Taurus and the Scythe
In an unexpected move Taurus of clay has formed a partnership with the cosmic farmer. Follow the cosmic ghetto scythers as they execute the dance of the scythe; reaping along city fencelines, through parking lots, lush forests and wastelands alike. Constantly gathering fare for Taurus, new companion and lover and watch the new child emerge!
In this time-based project with clay artist Fenn Martin will explore ideas of animal husbandry though the act of harvesting feed for an imagined domesticated animal –the cow. Traditionally the family cow was a staple to every rural family and referred to affectionately as “the wet nurse of humanity”. The cow was a life-line of food provision possibilities and in turn the farmer was responsible to provide reasonable accommodations and ample feed. Through a time-honoured tradition of scything –the act of collecting grains and feed through hand labour- My cow and I explores an imagined modern-day relationship between man and bovine.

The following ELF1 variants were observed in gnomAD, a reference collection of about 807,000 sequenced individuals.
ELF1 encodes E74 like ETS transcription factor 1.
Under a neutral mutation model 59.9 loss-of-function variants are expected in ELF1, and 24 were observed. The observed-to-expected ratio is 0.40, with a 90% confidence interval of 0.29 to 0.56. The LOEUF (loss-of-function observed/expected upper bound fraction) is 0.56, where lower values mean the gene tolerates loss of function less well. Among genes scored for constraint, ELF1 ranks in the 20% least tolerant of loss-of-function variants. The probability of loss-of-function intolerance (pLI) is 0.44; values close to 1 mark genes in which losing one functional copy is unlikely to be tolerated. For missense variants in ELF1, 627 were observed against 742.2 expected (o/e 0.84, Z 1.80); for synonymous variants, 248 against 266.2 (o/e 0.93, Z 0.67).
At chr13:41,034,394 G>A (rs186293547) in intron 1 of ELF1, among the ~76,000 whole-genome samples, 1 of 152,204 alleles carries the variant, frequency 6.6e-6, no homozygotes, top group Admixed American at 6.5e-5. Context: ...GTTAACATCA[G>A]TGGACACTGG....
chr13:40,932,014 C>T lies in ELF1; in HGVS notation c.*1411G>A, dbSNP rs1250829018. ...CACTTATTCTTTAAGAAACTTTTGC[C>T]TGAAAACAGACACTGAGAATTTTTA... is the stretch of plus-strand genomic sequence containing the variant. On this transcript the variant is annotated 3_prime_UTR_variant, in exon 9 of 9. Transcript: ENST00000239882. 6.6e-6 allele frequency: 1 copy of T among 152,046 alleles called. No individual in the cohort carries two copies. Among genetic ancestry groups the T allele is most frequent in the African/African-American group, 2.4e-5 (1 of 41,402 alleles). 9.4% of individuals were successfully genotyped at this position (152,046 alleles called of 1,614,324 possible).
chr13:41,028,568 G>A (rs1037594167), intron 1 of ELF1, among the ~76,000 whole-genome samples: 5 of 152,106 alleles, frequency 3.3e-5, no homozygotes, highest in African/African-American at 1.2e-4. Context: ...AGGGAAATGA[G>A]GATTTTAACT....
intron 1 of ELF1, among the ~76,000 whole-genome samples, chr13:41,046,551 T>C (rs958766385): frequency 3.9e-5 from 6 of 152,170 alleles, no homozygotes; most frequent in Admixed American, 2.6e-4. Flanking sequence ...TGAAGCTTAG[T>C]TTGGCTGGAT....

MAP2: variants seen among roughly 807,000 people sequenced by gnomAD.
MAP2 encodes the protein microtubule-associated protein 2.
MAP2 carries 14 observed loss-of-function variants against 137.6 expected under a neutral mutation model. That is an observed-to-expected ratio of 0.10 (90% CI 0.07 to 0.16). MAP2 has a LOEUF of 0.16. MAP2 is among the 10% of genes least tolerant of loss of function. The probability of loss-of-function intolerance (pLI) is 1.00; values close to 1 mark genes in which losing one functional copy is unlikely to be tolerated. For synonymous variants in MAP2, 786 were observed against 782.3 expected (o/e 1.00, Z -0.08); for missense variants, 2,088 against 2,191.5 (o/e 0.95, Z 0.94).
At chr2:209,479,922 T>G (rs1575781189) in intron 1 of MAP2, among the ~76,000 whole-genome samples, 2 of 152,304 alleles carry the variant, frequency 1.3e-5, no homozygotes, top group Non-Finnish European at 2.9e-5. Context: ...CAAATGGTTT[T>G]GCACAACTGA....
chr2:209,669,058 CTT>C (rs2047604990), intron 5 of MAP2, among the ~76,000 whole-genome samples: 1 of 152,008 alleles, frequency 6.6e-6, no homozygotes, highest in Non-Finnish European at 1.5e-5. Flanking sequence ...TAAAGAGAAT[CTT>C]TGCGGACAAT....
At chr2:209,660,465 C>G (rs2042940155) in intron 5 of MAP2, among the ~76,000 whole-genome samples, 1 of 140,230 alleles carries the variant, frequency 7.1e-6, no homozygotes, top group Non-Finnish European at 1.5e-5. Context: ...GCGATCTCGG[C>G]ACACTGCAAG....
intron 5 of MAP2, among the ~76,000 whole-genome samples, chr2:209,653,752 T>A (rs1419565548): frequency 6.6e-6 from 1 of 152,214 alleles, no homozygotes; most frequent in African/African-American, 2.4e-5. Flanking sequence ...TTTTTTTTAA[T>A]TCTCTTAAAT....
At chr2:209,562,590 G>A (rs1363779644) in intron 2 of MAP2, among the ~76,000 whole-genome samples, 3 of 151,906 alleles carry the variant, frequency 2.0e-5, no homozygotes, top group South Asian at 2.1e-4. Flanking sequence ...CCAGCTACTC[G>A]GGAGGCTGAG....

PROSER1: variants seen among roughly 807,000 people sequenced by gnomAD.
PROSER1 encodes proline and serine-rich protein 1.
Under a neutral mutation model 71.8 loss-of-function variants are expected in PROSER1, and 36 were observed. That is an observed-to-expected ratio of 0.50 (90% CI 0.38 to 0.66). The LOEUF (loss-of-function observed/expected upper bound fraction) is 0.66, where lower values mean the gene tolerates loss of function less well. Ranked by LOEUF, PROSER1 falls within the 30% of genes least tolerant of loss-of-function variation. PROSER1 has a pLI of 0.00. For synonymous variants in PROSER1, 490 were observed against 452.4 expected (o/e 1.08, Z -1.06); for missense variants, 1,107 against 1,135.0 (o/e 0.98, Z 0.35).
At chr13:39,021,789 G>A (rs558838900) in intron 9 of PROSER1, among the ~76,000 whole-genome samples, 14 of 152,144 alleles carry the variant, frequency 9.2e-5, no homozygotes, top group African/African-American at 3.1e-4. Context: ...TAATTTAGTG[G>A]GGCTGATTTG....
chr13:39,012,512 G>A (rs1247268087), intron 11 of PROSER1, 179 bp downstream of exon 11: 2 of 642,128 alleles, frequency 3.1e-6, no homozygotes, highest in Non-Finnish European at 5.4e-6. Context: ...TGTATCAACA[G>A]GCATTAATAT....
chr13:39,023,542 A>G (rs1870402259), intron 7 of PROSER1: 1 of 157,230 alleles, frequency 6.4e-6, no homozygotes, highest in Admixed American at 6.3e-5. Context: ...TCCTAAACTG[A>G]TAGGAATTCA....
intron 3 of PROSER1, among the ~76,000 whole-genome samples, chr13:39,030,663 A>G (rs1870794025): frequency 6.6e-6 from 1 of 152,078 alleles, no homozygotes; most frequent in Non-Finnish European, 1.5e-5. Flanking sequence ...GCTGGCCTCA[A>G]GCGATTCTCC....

For this project a life sized cow was built on a wooden armature and covered entirely with green clay. Leading up to the night-time performance, with the assistance of a small crew of interested participants the sculpture will come to life with exaggerated and abstracted textures. The impressive sheer mass of 2000lbs of clay will provide a silhouette into a past landscape in an unlikely new location. The softness of clay will capture the touch of audience people inclined to participate as they are invited to modify or leave their mark on the piece through the duration of the project.
In conjunction with this clay work there will be a performative aspect whereby the artist wonders the nearby area acting out the repetitive and graceful motion of scything. This scythe has a modern twist it is bladeless and is custom outfitted with a neon strips of light to be easily viewed at night. This curious mix of technology will amplify and make visible the slow rhythmic zigzag motion. The repetitive act of this hand labour evokes a meditative query on the act of “harvest”, our relationships to the land and to animal. Outfitted with a assortment of lighting and a mask made from a cow hipbone, the team of scythers will move around in silence deeply focused on this imagined task of reaping though the night.
The sculpture moved to many locations through parking lots and grassy areas. Lumiere, Art in the Open and Antigonight 2016.